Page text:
Friday, March 16, 2012

Scott is here!

February 2nd – February 6th
We drove from Funky Mary’s (see last post) to the airport to pick up Scott Tice, one of my college buddies, who left winter in Wisconsin for winter in New Zealand.  Oops, I mean summer in New Zealand, though you need your winter clothes here year round! He packed light for backpacking, but also carried a heavy duffel of FOOD! Prior to coming, Scott contacted biocontrol at the Auckland airport so he knew what he was allowed to bring into the country, and he put his new dehydrator to work making tons of dried fruit and veggies. His wife (and my dear friend) Jean made some killer granola and energy bars we are now enjoying as well.

The next morning (after cherry and almond granola with amazingly creamy NZ yogurt), we drove north to Waipara to meet some folks from Lincoln University. Peter and Phil, along with two students, showed Darrell some geologic sites in the area. The forecast on the radio called for “fresh and exposed” weather, so I asked what that meant when we met them. Basically it means you will have a good cool breeze! To reach two of the exposures we crossed farmer’s fields, traipsing across sheep paddocks (watching out for the fresh droppings) and fields of stubble left from the oat harvest. I will never see oatmeal the same way. The view of huge coastal bluffs was the reward.

Darrell at the first site in Waipara
Peter was carving out steps in a giant loess deposit and found this moa crop stone as well. Moas (eleven extinct species in NZ) used small rocks to help them grind their food, and you can see the grind pattern on the rock!

Moa cropstone
We camped at Motunau, and the next morning Scott led me in some yoga stretches on the beach. I hadn’t done yoga in a long time and it felt great… Darrell hoped to collect some shells from a glacial deposit on the Haumuri Bluffs so we drove to the railroad tracks in Claverley and then walked on a path between the tracks and the beach. We crossed the river on the railroad bridge then hiked up into a farmer’s field. The gate to enter the field was open, but there was a bull there ready to defend his cows, and I didn’t like being inside the electric fence with him! Scott gave me a cow femur to defend myself, but it didn’t make me feel much better! We crossed the paddock and went over the fence (carefully avoiding all the hot wires) to check the bluffs for any accessible deposits. We never did find the deposit but we had a great hike.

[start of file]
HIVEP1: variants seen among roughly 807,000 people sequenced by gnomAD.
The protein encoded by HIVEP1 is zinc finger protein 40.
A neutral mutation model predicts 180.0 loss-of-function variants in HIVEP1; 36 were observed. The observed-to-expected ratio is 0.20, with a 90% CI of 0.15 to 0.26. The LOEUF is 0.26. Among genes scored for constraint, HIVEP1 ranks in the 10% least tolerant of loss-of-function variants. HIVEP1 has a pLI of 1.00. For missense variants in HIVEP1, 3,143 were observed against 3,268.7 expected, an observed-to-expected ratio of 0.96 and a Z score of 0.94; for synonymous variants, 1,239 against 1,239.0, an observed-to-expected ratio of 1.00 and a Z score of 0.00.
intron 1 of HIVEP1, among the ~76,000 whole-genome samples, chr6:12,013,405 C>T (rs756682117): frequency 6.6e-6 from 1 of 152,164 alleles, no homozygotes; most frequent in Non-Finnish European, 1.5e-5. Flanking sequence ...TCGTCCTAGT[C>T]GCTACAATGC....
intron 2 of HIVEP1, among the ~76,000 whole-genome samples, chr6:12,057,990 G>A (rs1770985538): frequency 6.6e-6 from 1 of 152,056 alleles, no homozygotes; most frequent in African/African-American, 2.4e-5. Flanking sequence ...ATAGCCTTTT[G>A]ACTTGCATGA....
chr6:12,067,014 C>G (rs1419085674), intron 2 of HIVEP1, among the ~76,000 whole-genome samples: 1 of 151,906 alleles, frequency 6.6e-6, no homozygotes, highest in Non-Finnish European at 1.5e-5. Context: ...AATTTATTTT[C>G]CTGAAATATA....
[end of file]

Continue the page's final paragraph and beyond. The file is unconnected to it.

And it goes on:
Darrell and Scott on Haumuri Bluffs
When we returned to the van, we should have camped right by the beach, but another camper was already in the best spot, so we drove further north to camp and ended up in a holiday park having a long night listening to competing music and karaoke from groups celebrating the long Waitangi Treaty holiday weekend.

I was pretty grumpy the next morning, but recovered as Scott and I hiked the coastal trail on the Kaikoura Peninsula. There were New Zealand fur seals lounging everywhere! We finally bushwhacked inland when we got tired of trying to avoid getting between the seals and the sea.

Lounging New Zealand Fur Seal at Kaikoura Peninsula
View of Kaikoura Peninsula
We then drove on the interior road south and had lunch while listening to a soulful saxophone being played by Brett, a Maori DOC (Department of Conservation) ranger, who was checking 4WD vehicles in and out of the Clarence River checkpoint. We had a wonderful conversation with Brett and he shared the hongi with each of us. The hongi is the traditional Maori greeting where you press foreheads and noses together. Scott gave him some wild rice he had collected in northern Wisconsin and we said our goodbyes, so grateful we had met him and been able to share a bit of ourselves with each other.

Brett the DOC ranger and his lovely sax music
Scott and Brett with a hongi greeting
We camped at a DOC site at the foot of Mt. Thomas so Scott and I decided to hike the summit trail the next morning. If this trail is typical, the kiwi’s don’t mess with switchbacks very often! This trail went straight up.  We were huffing and puffing and a woman passed us going up the trail.  Lisa is a local and was training for an ultramarathon (see for the one she is helping organize) but stopped to visit with us. Her record for going up and down this trail is 10 times in 19 hours. In pouring rain. It took Scott and I four hours to do it once! So Lisa is our new wonder woman hero!

Nice camping spot at Mt. Thomas
Our next stop was in Arthur’s Pass National Park. Scott read about the cave stream in Scott Cook’s “New Zealand Frenzy”. This book includes places that aren’t in most of the guidebooks – or you hope they aren’t because you don’t want hordes of people there! A fast-moving stream ran through a pitch black cave, and you could walk through the rushing water to the next opening in the cave in about 30 minutes. The tramp began in a pool of chest deep water and then proceeded upstream through a series of small waterfalls. It ended with a waterfall and a tummy-slide out between the rocks. Really cool! Highly recommended to you – but don’t tell anyone else about it!

Scott and I emerging from the cave stream.
Stay tuned! More adventures coming!

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